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Windows 7: Stop sys restore pts from being deleted in Win 7 when dual booting

11 Apr 2011   #1

Windows XP Pro 32 bit, Win 7 Home Prem 64 bit
Stop sys restore pts from being deleted in Win 7 when dual booting


I applied the manual fix for KB926185 described in the tutorial provided (very well-written) under the Vista discussion. However, I found that every time I rebooted, the deleted \DosDevices\K: key kept on reappearing after each deletion even though it was listed under Offline subkey.

I have Win 7 Home Prem 64 on one hard drive and Win XP Pro 32 bit on a second hard drive. There are a number of partitions on the Win XP drive so that is why Win 7 showed up on K:

Anyway, I tried the deletion a number of times, but the K: drive would reappear and I could access the contents, it was not just showing up and appearing blank as some postings to the tutorial indicated might happen.

One other bit of information is that besides the MountedDevices Key in the registry, there is also a MountedDevice1 Key. There was a reference to K: there also. I did not do anything to the subkey for K: under MountedDevice1. It had a different value there than it did under MountedDevices. Other postings to the KB926185 tutorial also mentioned MountedDevice1 but it was unclear whether something needed to be done to it or whether deleting the subkey would cause additional problems.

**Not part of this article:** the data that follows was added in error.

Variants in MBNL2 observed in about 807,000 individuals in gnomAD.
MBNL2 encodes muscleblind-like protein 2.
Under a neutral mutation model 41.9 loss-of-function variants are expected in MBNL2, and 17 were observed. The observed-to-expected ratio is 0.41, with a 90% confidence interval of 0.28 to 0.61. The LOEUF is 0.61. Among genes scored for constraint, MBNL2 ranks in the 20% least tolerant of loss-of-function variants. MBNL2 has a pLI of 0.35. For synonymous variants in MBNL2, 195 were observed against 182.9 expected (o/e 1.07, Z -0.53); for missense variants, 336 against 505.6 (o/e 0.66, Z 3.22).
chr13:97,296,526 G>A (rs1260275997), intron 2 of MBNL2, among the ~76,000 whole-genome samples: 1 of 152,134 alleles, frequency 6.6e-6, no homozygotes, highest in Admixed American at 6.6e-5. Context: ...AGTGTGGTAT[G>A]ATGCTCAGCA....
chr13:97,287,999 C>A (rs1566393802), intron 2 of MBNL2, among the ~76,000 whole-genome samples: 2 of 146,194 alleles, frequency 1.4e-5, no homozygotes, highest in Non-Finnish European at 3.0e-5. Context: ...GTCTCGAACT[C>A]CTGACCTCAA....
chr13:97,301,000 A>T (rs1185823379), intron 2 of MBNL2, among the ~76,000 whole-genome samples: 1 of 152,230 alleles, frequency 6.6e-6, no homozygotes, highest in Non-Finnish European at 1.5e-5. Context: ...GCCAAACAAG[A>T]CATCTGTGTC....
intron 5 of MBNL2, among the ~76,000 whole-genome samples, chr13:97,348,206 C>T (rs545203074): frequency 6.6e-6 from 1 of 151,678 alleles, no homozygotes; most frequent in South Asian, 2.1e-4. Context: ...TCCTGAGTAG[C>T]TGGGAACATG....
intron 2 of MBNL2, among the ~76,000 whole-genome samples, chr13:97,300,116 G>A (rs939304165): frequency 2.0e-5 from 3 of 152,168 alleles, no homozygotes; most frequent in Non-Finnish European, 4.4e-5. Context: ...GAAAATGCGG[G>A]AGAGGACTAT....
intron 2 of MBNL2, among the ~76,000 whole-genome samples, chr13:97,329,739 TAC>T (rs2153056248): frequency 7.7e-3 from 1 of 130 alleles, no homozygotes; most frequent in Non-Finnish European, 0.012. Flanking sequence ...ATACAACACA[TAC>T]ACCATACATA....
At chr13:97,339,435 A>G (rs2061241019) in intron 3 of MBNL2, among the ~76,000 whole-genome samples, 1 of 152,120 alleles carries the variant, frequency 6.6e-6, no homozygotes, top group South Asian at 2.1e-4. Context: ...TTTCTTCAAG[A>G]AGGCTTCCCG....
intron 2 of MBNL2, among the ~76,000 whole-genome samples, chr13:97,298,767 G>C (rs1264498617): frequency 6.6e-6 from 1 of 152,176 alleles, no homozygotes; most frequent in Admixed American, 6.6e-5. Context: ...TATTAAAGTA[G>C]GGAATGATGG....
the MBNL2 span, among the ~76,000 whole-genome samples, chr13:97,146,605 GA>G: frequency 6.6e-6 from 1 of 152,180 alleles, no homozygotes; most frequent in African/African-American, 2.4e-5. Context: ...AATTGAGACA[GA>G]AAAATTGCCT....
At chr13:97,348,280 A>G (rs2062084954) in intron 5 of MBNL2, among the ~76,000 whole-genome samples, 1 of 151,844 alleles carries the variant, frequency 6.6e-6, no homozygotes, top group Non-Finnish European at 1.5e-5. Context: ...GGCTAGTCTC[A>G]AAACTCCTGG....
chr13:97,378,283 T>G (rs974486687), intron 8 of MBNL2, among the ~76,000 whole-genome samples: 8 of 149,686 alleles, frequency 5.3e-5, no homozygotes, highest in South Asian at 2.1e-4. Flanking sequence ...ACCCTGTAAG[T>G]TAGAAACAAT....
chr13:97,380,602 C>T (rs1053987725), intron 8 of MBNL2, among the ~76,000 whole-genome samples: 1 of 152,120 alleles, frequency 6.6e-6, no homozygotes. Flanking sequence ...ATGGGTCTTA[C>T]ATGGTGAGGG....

Finally, the only way to make the drive "go away" was to disable it through the device manager under XP.

Does anyone have an idea why the drive would keep reappearing? Thanks.

My System SpecsSystem Spec
11 Apr 2011   #2


I find that cross-System complications disappear on Dual Boots with separate HD's when they are booted via the BIOS.

This truly make's HD's independent to come and go as you please, whereas Windows-managed Dual Boot interlocks them, requires surgery to remove, and presents compound complications in some cases.

To accomplish this, unplug the other OS HD during install. Afterwards plug back in the other HD, set preferred to boot first in BIOS setup, boot the other OS HD using one-time BIOS Boot Menu key.

If you'll post back a screenshot of your full Disk Management drive map, we can look it over and advise you on doing this or anything that might cause problems. Use SNipping Tool in Start Menu.
My System SpecsSystem Spec
11 Apr 2011   #3

Windows XP Pro 32 bit, Win 7 Home Prem 64 bit

Thanks for your quick response. When I installed Win 7, I had the Win XP drive unplugged. I then downloaded and installed the easybcd tool. I plugged the Win XP disk back in and then rebooted in Win 7. I ran easybcd to fix the dual boot menu. (Also, had to use Notepad to edit the boot.ini created in the Win 7 root because the Win XP disk had some backups of the Win XP root partition and spurious entries were created in the file).

I do not understand how using the bios to dual boot will address the system restore point problem. It will definitely simplify the dual boot process; however, I am not the only one using this PC and the other users would not find using the bios the simpler procedure. Disabling the Win 7 drive within Win XP definitely keeps the Win 7 partition from being seen by Win XP and the disk does not show up under disk management.

Thanks again for the quick response.
My System SpecsSystem Spec


 Stop sys restore pts from being deleted in Win 7 when dual booting

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